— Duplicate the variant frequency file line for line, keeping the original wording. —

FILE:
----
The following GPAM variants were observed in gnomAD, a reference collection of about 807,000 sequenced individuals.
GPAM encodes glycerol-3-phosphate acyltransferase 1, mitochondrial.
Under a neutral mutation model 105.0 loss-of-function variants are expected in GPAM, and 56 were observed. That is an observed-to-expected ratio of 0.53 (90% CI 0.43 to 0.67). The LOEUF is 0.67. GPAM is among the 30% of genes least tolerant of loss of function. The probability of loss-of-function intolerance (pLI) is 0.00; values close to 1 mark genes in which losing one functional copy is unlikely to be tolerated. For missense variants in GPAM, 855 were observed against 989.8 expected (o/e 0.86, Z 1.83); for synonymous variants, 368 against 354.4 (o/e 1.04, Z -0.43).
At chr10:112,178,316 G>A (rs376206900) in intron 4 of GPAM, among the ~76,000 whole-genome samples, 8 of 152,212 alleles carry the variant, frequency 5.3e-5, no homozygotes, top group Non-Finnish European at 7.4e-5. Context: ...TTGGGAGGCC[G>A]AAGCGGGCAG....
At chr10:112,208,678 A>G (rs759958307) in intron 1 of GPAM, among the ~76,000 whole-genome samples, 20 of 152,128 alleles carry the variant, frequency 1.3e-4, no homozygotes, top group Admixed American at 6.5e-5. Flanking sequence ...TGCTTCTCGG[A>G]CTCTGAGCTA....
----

The following GPAM variants were observed in gnomAD, a reference collection of about 807,000 sequenced individuals.
GPAM encodes glycerol-3-phosphate acyltransferase 1, mitochondrial.
Under a neutral mutation model 105.0 loss-of-function variants are expected in GPAM, and 56 were observed. That is an observed-to-expected ratio of 0.53 (90% CI 0.43 to 0.67). The LOEUF is 0.67. GPAM is among the 30% of genes least tolerant of loss of function. The probability of loss-of-function intolerance (pLI) is 0.00; values close to 1 mark genes in which losing one functional copy is unlikely to be tolerated. For missense variants in GPAM, 855 were observed against 989.8 expected (o/e 0.86, Z 1.83); for synonymous variants, 368 against 354.4 (o/e 1.04, Z -0.43).
At chr10:112,178,316 G>A (rs376206900) in intron 4 of GPAM, among the ~76,000 whole-genome samples, 8 of 152,212 alleles carry the variant, frequency 5.3e-5, no homozygotes, top group Non-Finnish European at 7.4e-5. Context: ...TTGGGAGGCC[G>A]AAGCGGGCAG....
At chr10:112,208,678 A>G (rs759958307) in intron 1 of GPAM, among the ~76,000 whole-genome samples, 20 of 152,128 alleles carry the variant, frequency 1.3e-4, no homozygotes, top group Admixed American at 6.5e-5. Flanking sequence ...TGCTTCTCGG[A>G]CTCTGAGCTA....